Parenthood Vs. Pinterest

Nothing brings out the Pinterest worthy moments like the holidays, but the truth is that motherhood is so far from glamorous it’s not even funny. Social media gives our inner voyeurs full access to all manner of brag worthy parenting moments. I’m not going to pretend I don’t do it too, but make no mistake those moments of bliss and glitter are few and far between, especially if you’re finding yourself perpetually on the night shift.

Raise Your Hand If You’re Not Sleeping Either

I don’t know if you have an infant or a toddler or school age kid that has nightmares or maybe even a teenager with a curfew or perhaps your kid is sick, but we all know what it’s like to work the night shift. Somehow the photos of moms holding their kids hair back while they throw up at 1 am or climbing into beds WAY too little for them just to calm their child’s fears NEVER seem to make it to the brag reel, but I’m here to say that it’s a DAMN shame. The night shift, when our brains hurt and our need for sleep almost outweighs our ability to climb out of bed when you hear MOOOOOOM, that’s when we truly shine. Not because it’s beautiful or enviable, but because we literally have nothing left to run on, but love and mother’s instinct.

Ugly O’Clock

As I write this I’m binge drinking coffee after my five-year-old woke me up, afraid of creepy shadows despite the hall light that floods his face like an interrogation room inquisition. Then just as he’s falling back asleep I hear the baby who refused to sleep anywhere but on my chest most of the night wake up to be fed and I think, “Oh COME ON!” So when Ugly O’clock dawned and Sydney decided that she was up for good, there was some muttered curse words followed by, “Well, I guess we’re up for the day now.”

In The Trenches

I was reading a blog yesterday in which the writer asked her readers if she was transparent enough or did she think her readers thought her life looked too perfect and I laughed out loud. There is ZERO chance that I give off that impression. I’m sitting in my sweats clutching my coffee like it has some magical powers to pull me out of this sleep deprivation haze that feels like a water boarding hangover. I leave the sweet moments to other well-meaning bloggers; I’m talking to my fellow mommies in the trenches. Parenting is not a Hallmark commercial and even I feel bad sometimes like I’m not baking enough cookies or doing enough arts and crafts with my kids. Yesterday, I watched my daughter help my son Jay do extra homework and I held my breath like I was witnessing animals in the wild and just the sound of my breath would spook them and they’d go back to fighting.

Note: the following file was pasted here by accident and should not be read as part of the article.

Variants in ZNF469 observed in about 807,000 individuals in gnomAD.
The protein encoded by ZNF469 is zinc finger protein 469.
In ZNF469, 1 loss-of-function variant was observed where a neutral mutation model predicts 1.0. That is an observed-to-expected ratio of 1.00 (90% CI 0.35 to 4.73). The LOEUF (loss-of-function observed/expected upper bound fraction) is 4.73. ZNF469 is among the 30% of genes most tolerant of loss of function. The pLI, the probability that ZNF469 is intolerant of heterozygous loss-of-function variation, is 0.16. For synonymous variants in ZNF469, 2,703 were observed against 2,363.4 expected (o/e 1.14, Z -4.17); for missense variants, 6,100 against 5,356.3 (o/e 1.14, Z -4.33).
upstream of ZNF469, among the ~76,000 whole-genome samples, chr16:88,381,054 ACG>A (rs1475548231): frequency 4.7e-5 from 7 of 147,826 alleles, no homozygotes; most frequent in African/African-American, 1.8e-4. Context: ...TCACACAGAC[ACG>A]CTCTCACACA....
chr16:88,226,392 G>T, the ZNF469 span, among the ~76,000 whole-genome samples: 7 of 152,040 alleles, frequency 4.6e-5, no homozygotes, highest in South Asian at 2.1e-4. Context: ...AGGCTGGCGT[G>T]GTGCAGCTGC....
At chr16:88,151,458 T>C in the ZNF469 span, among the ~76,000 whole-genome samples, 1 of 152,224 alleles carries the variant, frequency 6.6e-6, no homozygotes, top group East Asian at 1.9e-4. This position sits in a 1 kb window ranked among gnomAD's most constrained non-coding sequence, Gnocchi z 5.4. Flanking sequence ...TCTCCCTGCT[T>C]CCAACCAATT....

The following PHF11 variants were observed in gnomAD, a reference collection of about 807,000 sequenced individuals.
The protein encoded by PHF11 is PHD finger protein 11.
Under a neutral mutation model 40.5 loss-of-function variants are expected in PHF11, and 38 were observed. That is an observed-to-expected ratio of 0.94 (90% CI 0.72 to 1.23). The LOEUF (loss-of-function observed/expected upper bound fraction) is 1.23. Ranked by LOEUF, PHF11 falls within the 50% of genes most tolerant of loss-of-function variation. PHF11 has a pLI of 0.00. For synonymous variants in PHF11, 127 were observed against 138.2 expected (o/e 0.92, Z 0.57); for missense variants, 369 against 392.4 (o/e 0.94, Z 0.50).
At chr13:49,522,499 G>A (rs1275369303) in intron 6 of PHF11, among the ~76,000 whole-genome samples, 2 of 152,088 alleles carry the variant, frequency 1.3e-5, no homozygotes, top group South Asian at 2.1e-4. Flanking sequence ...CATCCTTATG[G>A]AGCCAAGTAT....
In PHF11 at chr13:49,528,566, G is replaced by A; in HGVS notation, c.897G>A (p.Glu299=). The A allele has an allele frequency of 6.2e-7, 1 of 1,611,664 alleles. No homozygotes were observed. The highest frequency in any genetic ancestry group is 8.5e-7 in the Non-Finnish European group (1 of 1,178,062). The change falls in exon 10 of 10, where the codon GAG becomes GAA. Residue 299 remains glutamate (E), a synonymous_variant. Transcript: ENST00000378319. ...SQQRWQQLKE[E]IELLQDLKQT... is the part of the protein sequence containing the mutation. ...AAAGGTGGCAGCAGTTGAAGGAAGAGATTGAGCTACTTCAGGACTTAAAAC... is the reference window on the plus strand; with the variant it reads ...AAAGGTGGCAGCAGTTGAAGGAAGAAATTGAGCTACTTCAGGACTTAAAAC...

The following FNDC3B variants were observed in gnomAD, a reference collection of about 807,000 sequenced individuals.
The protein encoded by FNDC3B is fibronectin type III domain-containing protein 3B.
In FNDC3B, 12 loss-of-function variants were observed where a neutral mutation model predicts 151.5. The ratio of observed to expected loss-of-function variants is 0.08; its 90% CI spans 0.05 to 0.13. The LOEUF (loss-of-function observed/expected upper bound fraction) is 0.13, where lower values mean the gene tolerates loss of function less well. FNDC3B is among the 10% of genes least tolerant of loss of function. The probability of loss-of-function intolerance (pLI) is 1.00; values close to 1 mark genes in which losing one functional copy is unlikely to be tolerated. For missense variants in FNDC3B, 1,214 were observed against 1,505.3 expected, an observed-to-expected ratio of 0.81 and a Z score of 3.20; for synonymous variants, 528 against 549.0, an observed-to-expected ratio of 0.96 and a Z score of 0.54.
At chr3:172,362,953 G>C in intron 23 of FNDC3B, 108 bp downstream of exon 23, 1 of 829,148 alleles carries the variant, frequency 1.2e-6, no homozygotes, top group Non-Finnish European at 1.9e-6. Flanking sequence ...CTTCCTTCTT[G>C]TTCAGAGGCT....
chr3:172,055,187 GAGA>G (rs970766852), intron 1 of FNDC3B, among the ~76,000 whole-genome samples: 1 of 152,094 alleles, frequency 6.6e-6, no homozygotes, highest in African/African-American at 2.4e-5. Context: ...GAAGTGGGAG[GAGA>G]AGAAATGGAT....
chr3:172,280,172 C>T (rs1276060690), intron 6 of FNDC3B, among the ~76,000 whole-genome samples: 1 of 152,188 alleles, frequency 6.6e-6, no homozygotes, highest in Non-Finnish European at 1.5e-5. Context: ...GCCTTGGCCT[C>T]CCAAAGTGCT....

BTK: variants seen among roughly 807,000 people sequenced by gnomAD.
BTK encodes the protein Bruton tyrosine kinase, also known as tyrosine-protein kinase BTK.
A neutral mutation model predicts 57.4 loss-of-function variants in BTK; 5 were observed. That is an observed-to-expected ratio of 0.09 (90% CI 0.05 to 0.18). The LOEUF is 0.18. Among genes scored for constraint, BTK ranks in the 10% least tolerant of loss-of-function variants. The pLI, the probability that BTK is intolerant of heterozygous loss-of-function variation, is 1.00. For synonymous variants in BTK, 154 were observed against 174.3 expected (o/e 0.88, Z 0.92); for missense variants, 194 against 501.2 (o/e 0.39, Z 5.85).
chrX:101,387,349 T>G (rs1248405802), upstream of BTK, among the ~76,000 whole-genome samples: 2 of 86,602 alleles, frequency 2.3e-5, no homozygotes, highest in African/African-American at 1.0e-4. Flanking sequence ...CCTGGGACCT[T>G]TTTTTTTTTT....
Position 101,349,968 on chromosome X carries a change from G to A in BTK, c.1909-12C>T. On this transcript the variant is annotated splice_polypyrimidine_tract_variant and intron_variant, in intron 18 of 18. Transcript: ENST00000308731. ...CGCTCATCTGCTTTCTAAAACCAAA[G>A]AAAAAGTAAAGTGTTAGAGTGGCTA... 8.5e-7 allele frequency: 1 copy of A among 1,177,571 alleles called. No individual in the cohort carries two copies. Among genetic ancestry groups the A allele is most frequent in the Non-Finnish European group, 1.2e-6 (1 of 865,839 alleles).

A rare moment of Hannah & Jay playing so nicely together I just had to capture it for those days I hear nothing but fighting.

A rare moment of Hannah & Jay playing so nicely together I just had to capture it for those days I hear nothing but fighting.

No Pain, No Gain

Motherhood is not for the faint of heart. Sure there are snuggly, dreamy, heart filling prideful moments. Sure that’s what it’s like, but just cover that in drool from a teething baby and add in a few hallucinations that you’re standing in a ring saying, “Let’s Get Ready To RUUUUMMMMBLE,” every time one child comes to tell you the other hurt him/her. So unfortunately I don’t have anything to offer my readers, except my ability to tell it like it is and maybe a little humor and solidarity. Nobody ever tells you that having kids is like going through navy seal training, but I’ll say it. But hey, “no pain, no gain” and “no risk, no reward.”

A Gift I’d Really LOVE

Some day when I wake up MANY years from now, to an empty and hopefully clean house I know that I’ll be a little sad. Well-rested hopefully, but probably a bit emptier. The kids will be grown up and won’t need me and the only thing waking me up will probably be an overactive bladder. I’ll think back on the adventure/job I signed up for when I had kids. Hopefully my kids won’t be in jail or on a stripper pole, and will only need a little bit of therapy. In all seriousness though, I hope my kids remember that “grumpy mommy” did the best she could, running on little sleep. I hope they know that even though it was extremely hard sometimes, I would choose them over and over again. The REALLY REAL TRUTH is that you never know just how strong you are until you have kids, and you don’t really understand just how unconditional love can be.

So I wish you all the best present a parent on the night shift can get this holiday season – 8 hours of uninterrupted sleep or perhaps some truly magical coffee.